For questions about submissions, the program, the symposium site, or field trips, please contact the symposium organizer Dr. Michaelann Nelson at Michaelann.Nelson@wnmu.edu.

Plenary Speakers

Our list of invited speakers includes writers and scholars that are inspired by the people, culture, and landscape of our region in the Southwest.

  • David Gessner is the author of nine books, including All the Wild That Remains: Edward Abbey, Wallace Stegner and the American West, as well as, My Green Manifesto, and The Tarball Chronicles, which won the 2012 Reed Award for Best Book on the Southern Environment and ASLE’s award for best book of creative writing in 2011 and 2012.
  • Sharman Russell, author of Diary of a Citizen Scientist: Chasing Tiger Beetles and Other New Ways of Engaging the World (WILLA Award Winner), as well as a dozen other books, writes primarily about nature and the southwest. She makes her home in the Gila.
  • Dave Foreman, founder of the direct action environmental group EarthFirst!, has written several books, including Confessions of an Eco-Warrior and Ecodefense: A Field Guide to Monkeywrenching. He is currently the director of the Rewilding Institute, a think tank dedicated to promoting conservation and species extinction.
  • Lucy Tapahonso, Navajo Nation Poet Laureate, and author of several books of poetry, including The Women are Singing and Blue Horses Rush In. Her poetry is inspired by the idea that the feminine is a source of balance and power in the world.
  • Priscilla Ybarra, author of The Good Life: Mexican American Writing and the Environment. Dr. Ybarra’s work investigates Mexican American literature and environmental issues. She is a professor of English at the University of North Texas.
  • Phillip Connors, author of Fire Season: Field Notes From a Wilderness Lookout (National Outdoor Book Award, Sigurd Olsen Nature Writing Award), has spent the last decade as a fire lookout in the Gila National Forest. He previously was an editor at the Wall Street Journal.

Travel Awards

We will offer ten awards of $250 each to graduate students and independent scholars to help defray the cost of attending the symposium. Information on how to apply can be found on the website.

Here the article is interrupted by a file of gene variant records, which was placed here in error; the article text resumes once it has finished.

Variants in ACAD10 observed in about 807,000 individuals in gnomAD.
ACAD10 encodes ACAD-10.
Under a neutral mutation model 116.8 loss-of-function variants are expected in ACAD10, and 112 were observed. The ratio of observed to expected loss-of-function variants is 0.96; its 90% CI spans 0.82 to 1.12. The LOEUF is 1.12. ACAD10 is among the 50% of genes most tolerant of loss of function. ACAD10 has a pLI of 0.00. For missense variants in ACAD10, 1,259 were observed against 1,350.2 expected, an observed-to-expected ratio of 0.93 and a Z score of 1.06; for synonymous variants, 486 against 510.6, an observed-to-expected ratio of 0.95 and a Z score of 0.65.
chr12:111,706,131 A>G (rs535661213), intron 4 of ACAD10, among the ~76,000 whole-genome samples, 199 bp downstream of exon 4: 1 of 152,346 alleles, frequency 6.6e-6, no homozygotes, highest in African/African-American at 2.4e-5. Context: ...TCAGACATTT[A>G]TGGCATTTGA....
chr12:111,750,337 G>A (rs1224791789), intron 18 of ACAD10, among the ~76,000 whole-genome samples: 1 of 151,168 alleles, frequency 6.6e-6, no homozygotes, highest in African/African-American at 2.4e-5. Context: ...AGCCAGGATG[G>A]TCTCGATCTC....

Symposium Location

Western New Mexico University is a diverse, public, regional university with about 3,500 students. Silver City is located in southwestern New Mexico at 6,000 feet elevation. It is the gateway to the Gila National Wilderness Area, the United States’ first wilderness area, as well as Gila Cliff Dwelling National Monument. It is known for its vibrant art community, locavore food scene, and all-around funky downtown. It has been recently named one of the top 20 small towns to visit by Smithsonian Magazine.

CFP: Teaching Western American Literature

CFP: Teaching Western American Literature

We invite submissions for a proposed collection of essays on teaching western American literature. If, as scholars and teachers of Western literatures and cultures, we regularly share our research, we perhaps do not as often get the chance to share new and innovative strategies for teaching courses or individual works in Western studies. Our volume seeks to fill this gap by offering a range of essays on teaching Western literatures and cultures that will appeal to specialists and non-specialists, faculty and graduate students, and experienced and inexperienced instructors alike. We are particularly interested in critically, historically, and theoretically informed essays that address practical aspects of course, assignment, and/or curricular design and that offer pioneering (or tried-and-true) strategies and approaches to specific pedagogical issues, subfields, classroom technologies, secondary or supplementary materials, authors, and texts. We also welcome essays that offer strategies for bringing Western literary and cultural studies and courses into the broader disciplines of literary and cultural studies.

Possible essay topics include approaches to teaching:

• Indigenous writing of and about the west
• Pre-1900 western literature and chronological definitions of western literature
• Gender, feminism, and queer approaches to western literature
• Western literatures as counter-histories
• Borders, frontiers, and geographical definitions of the west
• Place, identity, and critical regionalism
• Westerns and the post-west
• Visual culture and images of the west
• Literature and environment
• Western Studies and Disability Studies
• Racial, ethnic, and religious difference in western literature
• The west in local, national, and global contexts
• Teaching western literature to millennial students, veterans, and first-generation college students

250-500 word proposals should be sent to the editors by May 1, 2016. For those asked to contribute to the collection, we anticipate that completed essays of approximately 20 pages (MLA formatting) will be due by Nov. 15, 2016.

Randi Tanglen
Department of English
Austin College
Sherman, TX 75090
teachingwesternliterature@gmail.com

Brady Harrison
Department of English
University of Montana
Missoula, MT 59812
teachingwesternliterature@gmail.com